Lung cancer is not always a death sentence. While the statistics surrounding lung cancer are concerning, your prognosis is specific to your health and overall condition. More than half of those who receive a lung cancer diagnosis pass away within a year of receiving that diagnosis, according to the American Lung Association. It has one of the lowest five-year survival rates of all cancer types. Additionally, the American Lung Association reports that lung cancer is the leading cause of cancer deaths of men and women in the United States.
One of the reasons lung cancer is especially dangerous is because it is hard to detect in its early stages. Lung cancer can grow undetected and exhibit no symptoms until it has spread to other parts of the body. By the time the cancer reaches stage four, the five-year survival rate is less than 5%, according to Healthline.
What You Should Know About Lung Cancer
An estimated 135,720 Americans will die of lung cancer in 2020, reports the American Cancer Society. It is important to know that only 16% of lung cancer patients receive an early diagnosis of the disease, according to the National Cancer Institute. Being diagnosed early on is crucial to how well the body will respond to radiation and chemotherapy. Lung cancer found in its early stages can be treated with surgery to remove the affected areas. In fact, if the cancer remains only in the lung tissue, the five-year survival rate is 56%, reports the American Lung Association. However, if it spreads, the five-year survival rate falls to under 5%.
Common Signs of Possible Lung Cancer
Lung cancer can exhibit symptoms that may lead you to believe you simply have a persistent cold. It is important to let your doctor know of any preexisting factors, such as smoking or chemical exposure, that may impact your health.
Signs and symptoms of possible lung cancer include:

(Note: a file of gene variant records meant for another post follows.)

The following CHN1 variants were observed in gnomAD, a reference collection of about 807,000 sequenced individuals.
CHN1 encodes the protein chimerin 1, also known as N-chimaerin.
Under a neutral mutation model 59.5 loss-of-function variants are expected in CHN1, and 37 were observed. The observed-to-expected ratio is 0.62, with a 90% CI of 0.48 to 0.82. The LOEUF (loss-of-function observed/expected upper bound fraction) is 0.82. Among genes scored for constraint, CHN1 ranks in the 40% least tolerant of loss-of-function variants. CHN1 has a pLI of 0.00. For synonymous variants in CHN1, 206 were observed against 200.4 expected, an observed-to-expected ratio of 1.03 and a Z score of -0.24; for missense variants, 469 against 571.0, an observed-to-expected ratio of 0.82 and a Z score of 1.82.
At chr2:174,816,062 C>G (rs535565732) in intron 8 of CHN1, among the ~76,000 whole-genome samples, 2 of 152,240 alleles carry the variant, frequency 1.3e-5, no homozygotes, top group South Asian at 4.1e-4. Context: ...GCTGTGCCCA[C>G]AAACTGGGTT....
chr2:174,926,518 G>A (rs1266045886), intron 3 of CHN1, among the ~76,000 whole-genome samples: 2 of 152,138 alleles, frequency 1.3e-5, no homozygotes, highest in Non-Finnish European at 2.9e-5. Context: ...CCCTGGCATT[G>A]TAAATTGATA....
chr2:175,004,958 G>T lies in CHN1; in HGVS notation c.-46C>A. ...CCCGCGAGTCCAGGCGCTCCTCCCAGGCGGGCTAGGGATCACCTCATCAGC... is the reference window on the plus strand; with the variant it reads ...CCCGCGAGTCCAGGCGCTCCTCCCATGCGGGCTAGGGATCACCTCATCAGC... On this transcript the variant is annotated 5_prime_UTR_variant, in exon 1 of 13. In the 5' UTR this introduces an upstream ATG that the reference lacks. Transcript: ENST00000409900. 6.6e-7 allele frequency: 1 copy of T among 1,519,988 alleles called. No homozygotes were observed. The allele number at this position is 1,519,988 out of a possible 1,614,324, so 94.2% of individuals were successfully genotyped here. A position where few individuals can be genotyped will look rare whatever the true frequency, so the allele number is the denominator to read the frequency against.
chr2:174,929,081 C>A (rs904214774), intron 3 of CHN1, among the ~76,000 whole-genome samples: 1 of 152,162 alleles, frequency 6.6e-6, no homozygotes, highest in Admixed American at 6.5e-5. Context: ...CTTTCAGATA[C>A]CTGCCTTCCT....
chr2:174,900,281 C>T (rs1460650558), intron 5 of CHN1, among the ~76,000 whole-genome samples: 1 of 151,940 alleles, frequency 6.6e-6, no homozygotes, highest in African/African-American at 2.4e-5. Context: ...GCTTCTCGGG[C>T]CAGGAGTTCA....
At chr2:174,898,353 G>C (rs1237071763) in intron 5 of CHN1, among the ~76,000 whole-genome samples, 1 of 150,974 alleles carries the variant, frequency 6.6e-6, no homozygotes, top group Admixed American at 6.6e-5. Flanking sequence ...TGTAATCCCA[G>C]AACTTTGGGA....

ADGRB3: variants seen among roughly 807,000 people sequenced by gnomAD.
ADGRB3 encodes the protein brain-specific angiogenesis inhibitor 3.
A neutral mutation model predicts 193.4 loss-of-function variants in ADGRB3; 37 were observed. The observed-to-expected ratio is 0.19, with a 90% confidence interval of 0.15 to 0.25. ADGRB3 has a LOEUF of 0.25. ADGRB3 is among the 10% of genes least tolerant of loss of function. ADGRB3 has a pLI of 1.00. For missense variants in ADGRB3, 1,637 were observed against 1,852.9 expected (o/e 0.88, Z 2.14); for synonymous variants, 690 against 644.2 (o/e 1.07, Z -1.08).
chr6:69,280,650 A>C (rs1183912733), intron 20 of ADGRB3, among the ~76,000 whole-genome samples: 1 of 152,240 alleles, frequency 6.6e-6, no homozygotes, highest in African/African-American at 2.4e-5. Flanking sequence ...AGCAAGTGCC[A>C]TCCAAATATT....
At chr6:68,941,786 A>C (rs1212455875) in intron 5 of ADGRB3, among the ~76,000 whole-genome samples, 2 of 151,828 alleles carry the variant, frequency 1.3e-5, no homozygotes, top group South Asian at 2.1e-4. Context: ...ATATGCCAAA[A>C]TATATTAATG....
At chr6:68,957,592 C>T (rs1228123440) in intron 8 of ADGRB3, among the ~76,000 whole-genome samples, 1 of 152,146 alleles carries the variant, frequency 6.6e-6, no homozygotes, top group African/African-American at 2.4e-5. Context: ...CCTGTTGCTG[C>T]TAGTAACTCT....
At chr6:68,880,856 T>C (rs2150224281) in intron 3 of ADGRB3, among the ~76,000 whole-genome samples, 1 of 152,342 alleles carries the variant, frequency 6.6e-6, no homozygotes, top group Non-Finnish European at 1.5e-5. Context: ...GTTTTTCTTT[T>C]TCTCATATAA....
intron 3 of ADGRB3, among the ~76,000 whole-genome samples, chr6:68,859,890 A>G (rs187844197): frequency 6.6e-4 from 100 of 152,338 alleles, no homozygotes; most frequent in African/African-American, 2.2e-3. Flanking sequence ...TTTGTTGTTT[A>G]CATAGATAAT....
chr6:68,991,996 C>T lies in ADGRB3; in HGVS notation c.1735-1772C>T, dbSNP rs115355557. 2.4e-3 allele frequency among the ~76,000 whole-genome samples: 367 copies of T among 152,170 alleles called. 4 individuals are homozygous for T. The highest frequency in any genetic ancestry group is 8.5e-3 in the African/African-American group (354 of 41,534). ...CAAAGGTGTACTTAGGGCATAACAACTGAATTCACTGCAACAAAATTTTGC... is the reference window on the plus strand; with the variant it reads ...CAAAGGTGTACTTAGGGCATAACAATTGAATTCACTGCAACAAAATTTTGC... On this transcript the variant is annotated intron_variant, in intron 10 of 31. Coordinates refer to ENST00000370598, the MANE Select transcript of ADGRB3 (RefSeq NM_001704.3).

- Shortness of breath
- Chest pain
- Presence of blood in mucus or phlegm
- Chest, back, or shoulder pain
- Unexplained weight loss
Doctors use imaging tests, such as X-rays or CT scans, to diagnose lung cancer. In some cases, a biopsy of the lung may be necessary for determining the presence of cancer cells.
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There Are Two Major Types of Lung Cancer
Determining what type of lung cancer a patient has depends on the size of the abnormal cells in the infected lung tissue. These conditions include:
- Non-small cell lung cancer: This is the most common type of lung cancer, according to the American Cancer Society. In some cases, this condition does not respond well to chemotherapy.
- Small cell lung cancer: This type of lung cancer spreads quickly and is closely associated with smoking. About 85% of patients with small cell lung cancer have a history of smoking.
If you have a history of smoking or other chemical exposure, you should tell these details to your medical caregiver so they can accurately assess your health. Determining the stage and spread of your disease will give your doctor an idea of what course of treatment will be the most helpful.
Common Causes of Lung Cancer
There are a few common causes of lung cancer:
- Smoking. According to the Centers for Disease Control and Prevention (CDC), nearly nine out of every 10 lung cancers are smoking-related. Smoking is the leading cause of lung cancer in the United States.
- Asbestos. The American Lung Association notes that nonsmoking asbestos workers are five times more likely to develop lung cancer than nonsmokers with no history of asbestos exposure. For asbestos workers who do smoke, the risk is significantly higher.
- Radon. Exposure to radon is the second-leading cause of lung cancer. Radon is a tasteless, colorless, and odorless gas that is produced by decaying uranium. Radon exposure accounts for 21,000 cancer-related deaths each year.
If you received a lung cancer diagnosis and you believe that your illness was the result of another party’s negligence, you may want to contact a legal expert to fully understand your options.
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Call Pintas & Mullins Law Firm for Help Today
At Pintas & Mullins Law Firm, we understand that your lung cancer diagnosis is frightening and stressful. Facing mounting medical costs, as well as an intensive treatment, can prevent you from living a normal life.
Our legal team can help you understand your options and explore which is best for you. Additionally, we can calculate the total cost of your claim, and work to assign liability. We can also advise how your state’s statute of limitations applies to your case. We work on a contingency-fee-basis, meaning that we do not get paid until you agree to a settlement offer.
Whether your cancer resulted from exposure to toxic chemicals in your place of work or at home, we want to review your case. Call Pintas & Mullins Law Firm now to discuss your options for moving forward at (800) 217-6099.